A New Identity - Part B
2 Corinthians 5:21
While I was a professor at the University of Notre Dame, we lived in a three-bedroom home in downtown South Bend. Our two spare bedrooms served very specific purposes. One was for guests, and the other functioned as my office. We kept the guest room spotless, just in case. We never knew when we might have a last-minute guest. My office, on the other hand, was a complete wreck. Old books, papers, and equipment were strewn across the room. It was difficult to walk around in the room without stepping on trash.
Imagine you’re walking down the hallway of our home. And let’s say you’re looking for a spot to throw something away. Where would you be more likely to toss your garbage? In the guest room? Or in my office? In my office, I suppose. Well, thanks. I appreciate that! No, I can understand why you’d choose my office. It’s already full of trash anyway.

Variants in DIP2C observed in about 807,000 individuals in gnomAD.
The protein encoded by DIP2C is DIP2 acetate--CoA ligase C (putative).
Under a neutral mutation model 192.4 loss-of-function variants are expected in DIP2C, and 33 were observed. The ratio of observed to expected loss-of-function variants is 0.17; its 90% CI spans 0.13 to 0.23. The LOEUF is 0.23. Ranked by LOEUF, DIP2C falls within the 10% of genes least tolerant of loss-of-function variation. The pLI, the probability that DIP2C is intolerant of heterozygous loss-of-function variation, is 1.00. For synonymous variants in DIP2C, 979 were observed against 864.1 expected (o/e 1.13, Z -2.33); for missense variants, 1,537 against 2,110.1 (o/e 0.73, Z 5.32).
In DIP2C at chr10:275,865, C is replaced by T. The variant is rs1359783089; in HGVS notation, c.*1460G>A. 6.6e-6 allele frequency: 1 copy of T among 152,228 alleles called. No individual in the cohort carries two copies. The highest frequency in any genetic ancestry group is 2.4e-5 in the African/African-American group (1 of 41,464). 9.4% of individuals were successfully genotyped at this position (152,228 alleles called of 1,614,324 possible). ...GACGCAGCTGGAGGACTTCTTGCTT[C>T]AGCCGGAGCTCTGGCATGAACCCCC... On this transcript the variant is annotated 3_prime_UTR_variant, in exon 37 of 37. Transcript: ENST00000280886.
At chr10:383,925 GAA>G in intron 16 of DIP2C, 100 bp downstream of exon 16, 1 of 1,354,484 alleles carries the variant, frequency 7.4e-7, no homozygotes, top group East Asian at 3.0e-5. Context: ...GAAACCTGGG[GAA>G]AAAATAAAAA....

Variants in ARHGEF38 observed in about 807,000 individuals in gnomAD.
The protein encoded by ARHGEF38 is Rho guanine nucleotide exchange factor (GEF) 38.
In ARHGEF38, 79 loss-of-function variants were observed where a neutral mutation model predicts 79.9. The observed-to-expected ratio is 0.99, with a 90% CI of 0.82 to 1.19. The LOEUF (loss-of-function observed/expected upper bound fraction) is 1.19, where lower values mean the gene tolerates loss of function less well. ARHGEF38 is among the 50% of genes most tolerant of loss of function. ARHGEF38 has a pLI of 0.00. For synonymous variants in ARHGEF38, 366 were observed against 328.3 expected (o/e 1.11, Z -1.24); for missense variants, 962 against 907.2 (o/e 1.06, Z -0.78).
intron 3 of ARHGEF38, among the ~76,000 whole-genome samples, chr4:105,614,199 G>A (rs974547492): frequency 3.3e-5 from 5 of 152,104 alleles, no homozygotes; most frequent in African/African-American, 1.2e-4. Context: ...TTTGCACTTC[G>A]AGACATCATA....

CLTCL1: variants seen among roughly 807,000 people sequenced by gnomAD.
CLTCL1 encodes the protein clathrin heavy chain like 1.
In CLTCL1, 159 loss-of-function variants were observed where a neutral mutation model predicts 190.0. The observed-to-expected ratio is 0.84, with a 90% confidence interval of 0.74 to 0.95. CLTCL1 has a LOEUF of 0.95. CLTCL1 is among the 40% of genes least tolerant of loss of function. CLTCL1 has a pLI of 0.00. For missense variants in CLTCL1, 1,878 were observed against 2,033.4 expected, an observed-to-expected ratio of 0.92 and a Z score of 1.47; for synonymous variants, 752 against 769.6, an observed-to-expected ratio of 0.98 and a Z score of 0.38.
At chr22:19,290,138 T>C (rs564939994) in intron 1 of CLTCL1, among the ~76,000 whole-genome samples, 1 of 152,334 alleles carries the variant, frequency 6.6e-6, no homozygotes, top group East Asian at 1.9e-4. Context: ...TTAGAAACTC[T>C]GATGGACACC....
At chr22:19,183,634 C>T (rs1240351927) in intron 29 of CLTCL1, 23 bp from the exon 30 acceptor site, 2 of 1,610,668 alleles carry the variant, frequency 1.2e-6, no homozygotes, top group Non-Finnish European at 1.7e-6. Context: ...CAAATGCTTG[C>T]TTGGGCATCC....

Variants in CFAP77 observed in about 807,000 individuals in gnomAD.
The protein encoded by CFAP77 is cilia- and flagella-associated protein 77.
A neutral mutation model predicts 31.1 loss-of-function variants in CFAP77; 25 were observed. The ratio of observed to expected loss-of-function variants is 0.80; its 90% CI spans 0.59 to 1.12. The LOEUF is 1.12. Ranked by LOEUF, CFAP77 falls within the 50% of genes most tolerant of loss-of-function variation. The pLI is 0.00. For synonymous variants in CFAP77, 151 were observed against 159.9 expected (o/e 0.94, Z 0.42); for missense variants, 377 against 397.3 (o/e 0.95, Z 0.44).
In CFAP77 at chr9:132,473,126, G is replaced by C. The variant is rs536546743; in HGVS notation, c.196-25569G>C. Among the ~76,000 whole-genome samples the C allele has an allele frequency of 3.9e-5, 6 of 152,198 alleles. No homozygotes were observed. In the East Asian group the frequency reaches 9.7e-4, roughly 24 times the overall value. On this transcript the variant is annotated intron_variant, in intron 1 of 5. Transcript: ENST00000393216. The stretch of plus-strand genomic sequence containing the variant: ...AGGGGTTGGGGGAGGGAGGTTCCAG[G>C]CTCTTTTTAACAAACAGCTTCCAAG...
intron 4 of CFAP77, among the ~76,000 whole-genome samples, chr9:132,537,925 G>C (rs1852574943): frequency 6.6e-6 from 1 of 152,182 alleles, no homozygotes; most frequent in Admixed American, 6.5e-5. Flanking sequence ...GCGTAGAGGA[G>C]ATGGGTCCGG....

As you reflect on this scenario, let me ask you an important question: Which room are you – the dirty office or the spotless guest room? How do you see yourself? Your answers to these questions determine what you do with garbage that comes your way.
Picture a sinful thought traveling down the hallway of your mind. If you’re the dirty office, then why not just add one more piece of trash to the pile? You’re dirty anyway, so it doesn’t really matter. But if you’re the clean guest room, garbage doesn’t seem to fit there. It’s out of place.
Our standing as completely forgiven, righteous saints is given to us, before heaven, for a reason. It has everything to do with daily living. In the moment we’re offered a sinful thought, how do we perceive ourselves? As dirty or clean? As sinful or righteous? As sinners or saints? If we’re dirty sinners, then why not just place one more sin on the pile? But if our slate has been wiped clean and we’re now righteous like Christ, then sin just doesn’t fit. It’s out of place.